Monday, November 29, 2004

File Under "Society:" AP Roe v. Wade Poll

The AP released a story about a poll it ran about what people think about overturning Roe v. Wade.

(Ok, before I continue, if you can't think of one person who has a different opinion about abortion than you whom you respect, just stop reading. Everyone has enough stress in their life without getting worked up about one Mariner-loving Kansas City resident's opinion. I'm commenting on the article about public opinion, not commenting on the abortion itself, so keep you socks on.)

Briefly, the poll says 59% oppose overturning Roe v. Wade, 31% would want a Supreme Court nominee who would reverse it, leaving 10% somewhere else. The article then follows with this quote:
"While I don't have a strong feeling about abortions personally, I wouldn't want
the law overturned and return to the days of backdoor abortions," said Colleen
Dunn, 40, a Republican and community college teacher who lives outside
I guess it's a good thing we have a court to listen to reasoned arguments, because apparently a community college teacher (of what, by the way?) doesn't understand the basics of even the most well known case. Let's be clear: overturning Roe v. Wade would not make abortions illegal. Rather, overturning it would mean it would then be possible for state legislatures to pass a law restricting abortion; it would remove the restriction on legislative action regarding abortion that currently stands. There may be a concern that some States would revert to pre-1973 laws that outlaw abortion, but it is these laws, not a court decision, that would prohibit abortions, and only in those states. (Washington State, by the way, would not be one of these states.) Since most Americans favor keeping at least SOME abortions legal, it's quite likely that even in these states, new laws would be enacted.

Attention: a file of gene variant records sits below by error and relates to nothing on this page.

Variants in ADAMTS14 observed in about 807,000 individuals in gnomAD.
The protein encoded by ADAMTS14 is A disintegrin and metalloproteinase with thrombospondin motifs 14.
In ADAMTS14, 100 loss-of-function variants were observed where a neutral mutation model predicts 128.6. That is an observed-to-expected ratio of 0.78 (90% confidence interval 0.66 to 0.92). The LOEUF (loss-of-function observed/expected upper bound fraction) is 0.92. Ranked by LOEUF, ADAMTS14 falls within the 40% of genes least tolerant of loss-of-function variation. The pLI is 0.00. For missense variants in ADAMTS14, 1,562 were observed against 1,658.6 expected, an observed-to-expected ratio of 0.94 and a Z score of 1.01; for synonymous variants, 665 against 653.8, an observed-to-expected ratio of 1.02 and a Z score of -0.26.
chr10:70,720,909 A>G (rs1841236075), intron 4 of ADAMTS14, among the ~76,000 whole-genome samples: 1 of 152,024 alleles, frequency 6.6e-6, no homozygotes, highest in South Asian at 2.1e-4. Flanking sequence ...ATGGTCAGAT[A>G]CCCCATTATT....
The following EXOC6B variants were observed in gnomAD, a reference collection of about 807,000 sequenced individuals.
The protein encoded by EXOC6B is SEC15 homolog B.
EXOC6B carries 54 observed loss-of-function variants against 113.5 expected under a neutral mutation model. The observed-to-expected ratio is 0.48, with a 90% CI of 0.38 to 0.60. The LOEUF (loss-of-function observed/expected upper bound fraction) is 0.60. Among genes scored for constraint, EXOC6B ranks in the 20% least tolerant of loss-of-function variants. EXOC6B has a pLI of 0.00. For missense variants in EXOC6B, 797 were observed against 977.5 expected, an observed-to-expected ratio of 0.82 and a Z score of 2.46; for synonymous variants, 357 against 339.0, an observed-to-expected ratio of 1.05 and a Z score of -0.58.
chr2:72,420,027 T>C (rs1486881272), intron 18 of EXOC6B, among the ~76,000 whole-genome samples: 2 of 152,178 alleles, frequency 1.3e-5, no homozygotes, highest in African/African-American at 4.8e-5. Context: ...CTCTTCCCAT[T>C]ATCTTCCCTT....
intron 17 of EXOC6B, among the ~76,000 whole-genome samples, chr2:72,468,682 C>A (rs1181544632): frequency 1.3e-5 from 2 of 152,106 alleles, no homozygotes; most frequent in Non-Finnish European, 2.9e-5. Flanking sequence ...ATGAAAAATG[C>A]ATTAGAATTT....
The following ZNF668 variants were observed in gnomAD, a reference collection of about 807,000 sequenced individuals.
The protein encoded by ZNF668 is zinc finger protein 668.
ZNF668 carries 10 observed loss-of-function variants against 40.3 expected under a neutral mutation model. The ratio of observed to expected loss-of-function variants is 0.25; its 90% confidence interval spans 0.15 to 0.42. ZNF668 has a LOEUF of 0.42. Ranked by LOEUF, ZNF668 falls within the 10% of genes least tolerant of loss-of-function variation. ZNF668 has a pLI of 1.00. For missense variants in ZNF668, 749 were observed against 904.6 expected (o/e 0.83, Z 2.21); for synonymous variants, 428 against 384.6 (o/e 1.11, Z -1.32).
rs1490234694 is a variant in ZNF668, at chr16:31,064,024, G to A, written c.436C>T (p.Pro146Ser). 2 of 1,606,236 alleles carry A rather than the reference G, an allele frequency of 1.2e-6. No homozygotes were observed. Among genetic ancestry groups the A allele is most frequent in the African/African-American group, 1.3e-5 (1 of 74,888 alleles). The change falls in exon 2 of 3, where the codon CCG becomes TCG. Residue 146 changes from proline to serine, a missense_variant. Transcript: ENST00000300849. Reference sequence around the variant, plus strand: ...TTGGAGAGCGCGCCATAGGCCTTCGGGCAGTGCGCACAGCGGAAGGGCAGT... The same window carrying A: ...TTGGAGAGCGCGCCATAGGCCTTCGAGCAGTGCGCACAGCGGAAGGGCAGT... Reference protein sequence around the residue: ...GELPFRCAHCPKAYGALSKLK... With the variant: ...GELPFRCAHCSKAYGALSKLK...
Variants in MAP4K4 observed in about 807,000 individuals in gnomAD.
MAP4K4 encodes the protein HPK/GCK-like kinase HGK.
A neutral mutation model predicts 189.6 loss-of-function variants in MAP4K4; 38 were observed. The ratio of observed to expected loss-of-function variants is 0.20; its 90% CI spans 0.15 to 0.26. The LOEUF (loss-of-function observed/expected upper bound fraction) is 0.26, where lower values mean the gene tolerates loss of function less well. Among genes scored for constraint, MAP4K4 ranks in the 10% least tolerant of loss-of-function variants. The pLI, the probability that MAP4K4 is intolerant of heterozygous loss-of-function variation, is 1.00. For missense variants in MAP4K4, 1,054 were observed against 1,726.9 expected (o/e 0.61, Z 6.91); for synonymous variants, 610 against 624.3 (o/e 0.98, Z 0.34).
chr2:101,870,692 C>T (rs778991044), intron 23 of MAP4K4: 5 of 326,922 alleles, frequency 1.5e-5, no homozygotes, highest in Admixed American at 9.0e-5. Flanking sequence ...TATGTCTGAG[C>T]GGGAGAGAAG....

Moreover, the most likely candidate for replacement on the Supreme Court bench is Rehnquist, who's currently suffering from thyroid cancer. Even replacing him with a Scalia clone would not change the so-called "balance of power" on the court.

I get much less worked up about the issue, and much more worked up about people distorting the issue in order to incite. It's not that the poll isn't a worthwhile enterprise, but a quote that high in the article should be subject to some factual scrutiny. I'm also disappointed that I can't seem to find the actual quesitons asked, since they play a large role in how people respond.

Maybe if something would happen with the Mariners, I won't be so prone to wandering into dangerous off-topic waters. But it's been pretty quiet from First Avenue South.

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